The duress, misrepresentation and fraud relied upon will be discussed in the further course of this opinion. The trial court denied defendant's motion for a directed verdict, and by instructions which hypothesized the facts as developed by the evidence, submitted the question of the validity of the release to the jury. Following the verdict in favor of the plaintiff, defendant filed its motion for judgment in accordance with its motion for a directed verdict, grounded in part upon the plea that the execution of the release barred plaintiff from maintaining the cause of action. This motion was likewise overruled and an appeal was timely perfected.

The principal question is the legal effect of the release signed by the plaintiff, which by its terms fully released the defendant "of and from all claims or demands of every kind or nature whatsoever on account of injuries to person or damage to property arising from accident which occurred on or about March 20, 1954, at or near Grand and Crittenden. The undersigned further declares that he/she has executed this release of his/her own free will and had not relied upon any representations on behalf of St. Louis Public Service Company concerning the nature or extent of his/her injuries and/or damage." *953 If the release was not procured by duress, misrepresentation or fraud, then it was binding upon the plaintiff, and was a bar to plaintiff's cause of action.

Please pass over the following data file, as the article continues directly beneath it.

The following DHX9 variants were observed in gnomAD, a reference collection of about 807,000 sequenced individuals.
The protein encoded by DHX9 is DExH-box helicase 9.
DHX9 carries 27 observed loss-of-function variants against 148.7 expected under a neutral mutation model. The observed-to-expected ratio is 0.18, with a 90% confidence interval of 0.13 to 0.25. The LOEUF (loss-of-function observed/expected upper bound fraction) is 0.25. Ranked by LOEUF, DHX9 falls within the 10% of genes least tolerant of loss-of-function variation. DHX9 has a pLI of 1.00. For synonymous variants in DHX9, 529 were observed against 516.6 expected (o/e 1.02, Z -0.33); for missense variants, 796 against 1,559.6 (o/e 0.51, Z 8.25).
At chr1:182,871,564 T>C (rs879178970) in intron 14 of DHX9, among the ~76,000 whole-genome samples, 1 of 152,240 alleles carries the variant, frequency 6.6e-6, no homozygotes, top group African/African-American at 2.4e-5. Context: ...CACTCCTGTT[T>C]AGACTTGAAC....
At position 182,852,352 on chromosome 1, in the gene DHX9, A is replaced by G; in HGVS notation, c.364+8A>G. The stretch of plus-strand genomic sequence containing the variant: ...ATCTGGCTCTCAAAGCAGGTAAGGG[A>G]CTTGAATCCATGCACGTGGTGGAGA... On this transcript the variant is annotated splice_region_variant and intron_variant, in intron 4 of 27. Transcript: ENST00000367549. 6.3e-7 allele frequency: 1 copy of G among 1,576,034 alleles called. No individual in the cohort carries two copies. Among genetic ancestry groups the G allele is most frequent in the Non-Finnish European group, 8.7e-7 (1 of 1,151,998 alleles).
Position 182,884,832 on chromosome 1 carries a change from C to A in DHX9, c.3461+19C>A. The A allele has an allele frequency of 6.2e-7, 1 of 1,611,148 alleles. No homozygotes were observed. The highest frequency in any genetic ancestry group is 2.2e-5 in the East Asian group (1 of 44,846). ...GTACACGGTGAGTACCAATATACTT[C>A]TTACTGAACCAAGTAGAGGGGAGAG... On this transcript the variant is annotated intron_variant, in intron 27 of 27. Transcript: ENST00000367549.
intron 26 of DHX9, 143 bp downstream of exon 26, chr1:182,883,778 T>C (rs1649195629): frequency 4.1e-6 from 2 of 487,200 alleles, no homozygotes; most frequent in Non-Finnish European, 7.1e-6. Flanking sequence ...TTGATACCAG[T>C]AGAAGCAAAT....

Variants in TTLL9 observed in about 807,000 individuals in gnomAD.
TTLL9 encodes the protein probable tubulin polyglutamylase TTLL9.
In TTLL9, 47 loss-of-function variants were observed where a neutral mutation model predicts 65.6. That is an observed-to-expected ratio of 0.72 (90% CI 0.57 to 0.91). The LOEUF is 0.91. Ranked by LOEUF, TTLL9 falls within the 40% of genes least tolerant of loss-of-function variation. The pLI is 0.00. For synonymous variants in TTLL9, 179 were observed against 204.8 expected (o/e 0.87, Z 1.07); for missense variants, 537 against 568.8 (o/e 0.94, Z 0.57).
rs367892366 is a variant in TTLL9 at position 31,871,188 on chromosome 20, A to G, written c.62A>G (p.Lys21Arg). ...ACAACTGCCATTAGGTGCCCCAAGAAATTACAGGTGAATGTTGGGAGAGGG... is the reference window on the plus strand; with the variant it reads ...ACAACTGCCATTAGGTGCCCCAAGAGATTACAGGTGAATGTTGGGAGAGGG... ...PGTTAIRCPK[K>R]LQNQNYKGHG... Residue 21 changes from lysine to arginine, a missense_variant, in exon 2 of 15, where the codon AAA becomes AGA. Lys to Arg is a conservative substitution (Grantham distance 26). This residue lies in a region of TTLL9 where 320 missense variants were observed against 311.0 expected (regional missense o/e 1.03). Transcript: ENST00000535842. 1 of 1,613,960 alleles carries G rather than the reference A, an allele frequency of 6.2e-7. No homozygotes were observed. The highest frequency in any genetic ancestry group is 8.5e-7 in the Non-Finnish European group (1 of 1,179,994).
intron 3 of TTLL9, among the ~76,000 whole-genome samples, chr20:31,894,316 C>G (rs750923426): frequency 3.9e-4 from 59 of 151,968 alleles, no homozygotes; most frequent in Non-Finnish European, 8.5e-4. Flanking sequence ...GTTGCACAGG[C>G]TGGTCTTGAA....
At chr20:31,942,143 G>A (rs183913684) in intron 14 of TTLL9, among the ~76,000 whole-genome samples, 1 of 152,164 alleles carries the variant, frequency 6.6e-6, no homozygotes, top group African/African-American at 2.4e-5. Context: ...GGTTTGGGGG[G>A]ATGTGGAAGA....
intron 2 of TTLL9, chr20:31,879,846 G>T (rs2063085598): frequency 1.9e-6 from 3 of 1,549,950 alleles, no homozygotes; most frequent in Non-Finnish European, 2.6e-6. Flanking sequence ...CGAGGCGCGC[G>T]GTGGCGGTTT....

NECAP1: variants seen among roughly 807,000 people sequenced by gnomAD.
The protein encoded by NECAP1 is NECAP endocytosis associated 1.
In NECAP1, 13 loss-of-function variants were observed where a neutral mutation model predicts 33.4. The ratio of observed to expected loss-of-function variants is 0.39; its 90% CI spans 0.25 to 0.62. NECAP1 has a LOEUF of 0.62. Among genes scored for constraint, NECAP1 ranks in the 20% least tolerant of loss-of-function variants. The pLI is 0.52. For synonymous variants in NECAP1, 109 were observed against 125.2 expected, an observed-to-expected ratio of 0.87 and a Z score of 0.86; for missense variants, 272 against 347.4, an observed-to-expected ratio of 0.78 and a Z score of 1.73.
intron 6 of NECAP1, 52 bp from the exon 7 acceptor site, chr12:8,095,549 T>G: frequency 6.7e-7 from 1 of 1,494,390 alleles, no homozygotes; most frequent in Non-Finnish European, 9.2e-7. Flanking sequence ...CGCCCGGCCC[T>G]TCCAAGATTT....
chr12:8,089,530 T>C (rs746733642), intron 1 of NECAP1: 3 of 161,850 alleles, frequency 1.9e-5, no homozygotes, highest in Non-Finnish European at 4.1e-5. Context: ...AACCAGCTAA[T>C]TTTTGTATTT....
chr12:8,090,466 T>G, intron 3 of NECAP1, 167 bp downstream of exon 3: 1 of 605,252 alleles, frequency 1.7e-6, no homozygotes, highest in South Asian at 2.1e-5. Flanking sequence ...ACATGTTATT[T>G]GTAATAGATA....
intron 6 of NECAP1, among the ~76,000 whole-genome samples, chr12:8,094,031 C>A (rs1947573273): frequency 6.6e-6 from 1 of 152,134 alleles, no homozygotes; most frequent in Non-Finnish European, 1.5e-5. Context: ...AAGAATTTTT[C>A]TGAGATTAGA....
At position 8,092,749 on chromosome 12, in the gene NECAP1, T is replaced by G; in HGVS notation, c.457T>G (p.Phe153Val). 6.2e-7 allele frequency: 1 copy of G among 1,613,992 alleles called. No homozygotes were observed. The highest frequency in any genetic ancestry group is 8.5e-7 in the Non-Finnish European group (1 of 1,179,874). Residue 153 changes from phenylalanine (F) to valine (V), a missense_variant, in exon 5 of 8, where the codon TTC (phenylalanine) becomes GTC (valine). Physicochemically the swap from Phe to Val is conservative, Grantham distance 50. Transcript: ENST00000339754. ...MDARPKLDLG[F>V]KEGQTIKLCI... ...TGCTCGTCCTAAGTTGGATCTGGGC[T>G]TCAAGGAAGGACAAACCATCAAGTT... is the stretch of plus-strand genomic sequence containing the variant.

The plaintiff's reply raised the question of duress, misrepresentation and fraud with these allegations and these alone: